Technology & products

Leading the way in fire safety and building automation (Part 1)


Share post

Article series: Calectro's journey, Part 1/4.
Calectro’s journey, from importer and general agent to fully-fledged component manufacturer, is both fascinating and inspiring. After 50 years in the industry, Calectro has evolved into a global supplier of groundbreaking building automation equipment. And, with a wealth of expertise and industry repute, Calectro is now leading the way in fire safety and building automation.

Leading the way in fire safety and building automation (Part 1)

Smoke detectors and building automation components

The story of Calectro began in 1969, when a young engineer by the name of Karl Johan Pettersen returned from a position in Denmark and began importing components for the building automation industry. Suppliers like OJ from Denmark and Bircher from Switzerland provided his brand new company, Calectro, with things like electronic thermostats, level controllers, air pressure switches and timer relays. The company grew steadily throughout the 1970s, a decade that saw numerous changes to fire safety legislation in Sweden and the rest of Europe. But things really shifted up a gear for Calectro when the 1980s came along, partly due to an incident that happened far from the rain-drenched shores of Scandinavia.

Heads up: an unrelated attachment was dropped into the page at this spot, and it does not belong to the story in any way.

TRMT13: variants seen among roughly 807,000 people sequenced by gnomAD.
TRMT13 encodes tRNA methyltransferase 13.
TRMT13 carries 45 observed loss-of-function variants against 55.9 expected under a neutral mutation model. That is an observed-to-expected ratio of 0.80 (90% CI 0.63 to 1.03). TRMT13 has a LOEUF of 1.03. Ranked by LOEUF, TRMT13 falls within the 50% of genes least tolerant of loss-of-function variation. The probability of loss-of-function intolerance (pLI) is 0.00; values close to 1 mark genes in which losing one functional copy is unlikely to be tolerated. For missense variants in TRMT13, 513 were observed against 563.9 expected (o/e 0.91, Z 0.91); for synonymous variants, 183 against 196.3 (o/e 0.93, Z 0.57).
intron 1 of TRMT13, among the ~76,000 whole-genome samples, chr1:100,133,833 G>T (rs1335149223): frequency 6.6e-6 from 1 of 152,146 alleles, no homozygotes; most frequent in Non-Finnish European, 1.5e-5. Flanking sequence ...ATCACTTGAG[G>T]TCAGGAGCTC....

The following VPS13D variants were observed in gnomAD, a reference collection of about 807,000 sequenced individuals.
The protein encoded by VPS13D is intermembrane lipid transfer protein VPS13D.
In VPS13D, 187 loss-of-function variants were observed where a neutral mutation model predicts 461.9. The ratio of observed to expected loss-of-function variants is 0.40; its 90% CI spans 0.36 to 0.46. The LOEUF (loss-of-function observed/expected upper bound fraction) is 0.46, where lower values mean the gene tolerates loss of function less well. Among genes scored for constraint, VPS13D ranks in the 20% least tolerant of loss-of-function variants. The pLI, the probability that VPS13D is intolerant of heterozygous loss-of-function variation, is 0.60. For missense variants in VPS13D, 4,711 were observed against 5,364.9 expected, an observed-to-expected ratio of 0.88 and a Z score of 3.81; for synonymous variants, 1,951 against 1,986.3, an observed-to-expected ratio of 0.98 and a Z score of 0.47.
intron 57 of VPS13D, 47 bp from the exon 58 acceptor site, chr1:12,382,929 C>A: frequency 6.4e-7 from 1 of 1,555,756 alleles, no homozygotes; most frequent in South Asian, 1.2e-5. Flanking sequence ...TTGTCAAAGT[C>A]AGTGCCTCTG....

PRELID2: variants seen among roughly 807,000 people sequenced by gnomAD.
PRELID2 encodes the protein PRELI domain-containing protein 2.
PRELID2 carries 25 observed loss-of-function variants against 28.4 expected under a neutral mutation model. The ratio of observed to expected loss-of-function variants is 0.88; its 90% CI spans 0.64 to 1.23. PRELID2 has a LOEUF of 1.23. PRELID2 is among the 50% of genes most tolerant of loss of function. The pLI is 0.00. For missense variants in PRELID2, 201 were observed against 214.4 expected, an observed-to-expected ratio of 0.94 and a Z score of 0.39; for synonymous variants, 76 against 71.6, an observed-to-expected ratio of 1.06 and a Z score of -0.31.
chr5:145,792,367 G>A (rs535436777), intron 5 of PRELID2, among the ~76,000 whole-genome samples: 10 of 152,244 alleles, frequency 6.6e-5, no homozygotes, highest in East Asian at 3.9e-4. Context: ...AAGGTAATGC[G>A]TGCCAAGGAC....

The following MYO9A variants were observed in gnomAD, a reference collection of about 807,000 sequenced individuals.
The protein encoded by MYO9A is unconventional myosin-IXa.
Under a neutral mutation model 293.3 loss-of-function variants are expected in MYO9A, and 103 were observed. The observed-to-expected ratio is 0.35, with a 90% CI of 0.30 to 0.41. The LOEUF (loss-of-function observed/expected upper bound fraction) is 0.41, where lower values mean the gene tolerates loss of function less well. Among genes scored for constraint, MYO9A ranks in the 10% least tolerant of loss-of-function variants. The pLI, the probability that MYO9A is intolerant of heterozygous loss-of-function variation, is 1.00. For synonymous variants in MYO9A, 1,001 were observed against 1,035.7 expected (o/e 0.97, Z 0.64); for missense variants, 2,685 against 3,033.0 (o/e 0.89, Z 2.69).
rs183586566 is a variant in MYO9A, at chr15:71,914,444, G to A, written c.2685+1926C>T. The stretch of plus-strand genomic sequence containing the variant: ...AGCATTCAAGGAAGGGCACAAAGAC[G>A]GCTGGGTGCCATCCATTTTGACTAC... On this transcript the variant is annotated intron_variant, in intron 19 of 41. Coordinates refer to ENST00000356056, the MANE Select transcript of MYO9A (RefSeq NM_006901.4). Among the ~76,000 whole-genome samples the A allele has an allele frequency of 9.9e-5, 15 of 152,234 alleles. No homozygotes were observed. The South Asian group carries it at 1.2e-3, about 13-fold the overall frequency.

Smoke and toxic fumes throughout the ventilation system

In November 1980, a devastating fire broke out in the relatively new MGM Grand Hotel in Las Vegas, killing 85 people, injuring 650 and causing more than $300 million of damage. The significance here is that it wasn’t the flames that caused the damage, injuries and deaths – it was the smoke. More importantly, it was the unimpeded way the smoke and toxic fumes were able to spread throughout the building – via the ventilation system – without triggering any alarms or countermeasures. According to the public administrators and elected officials at the time, the MGM Grand disaster was not a fire suppression failure, it was a failure in fire protection and construction design. The tragic event had a huge impact on US fire safety regulations in the months and years that followed, eventually leading to major legislative changes throughout the world.

Popular smoke detectors for ventilation ducts

As other countries gradually began introducing similar changes to their fire safety regulations, over in Sweden Karl Pettersen started to notice a growing demand for fire alarm sensors that could be installed inside or onto ventilation ducts. Which was when Karl made the wise decision to begin importing the type of smoke detector systems that had an external housing unit and a sampling tube inside the ventilation duct.


Over the next ten years, Calectro went from strength to strength, successfully supplying industrial and building automation clients in Sweden with various detectors, sensors and related equipment. By the time I joined Karl’s team in 1989, it was the smoke detector for ventilation ducts that had become the number one product.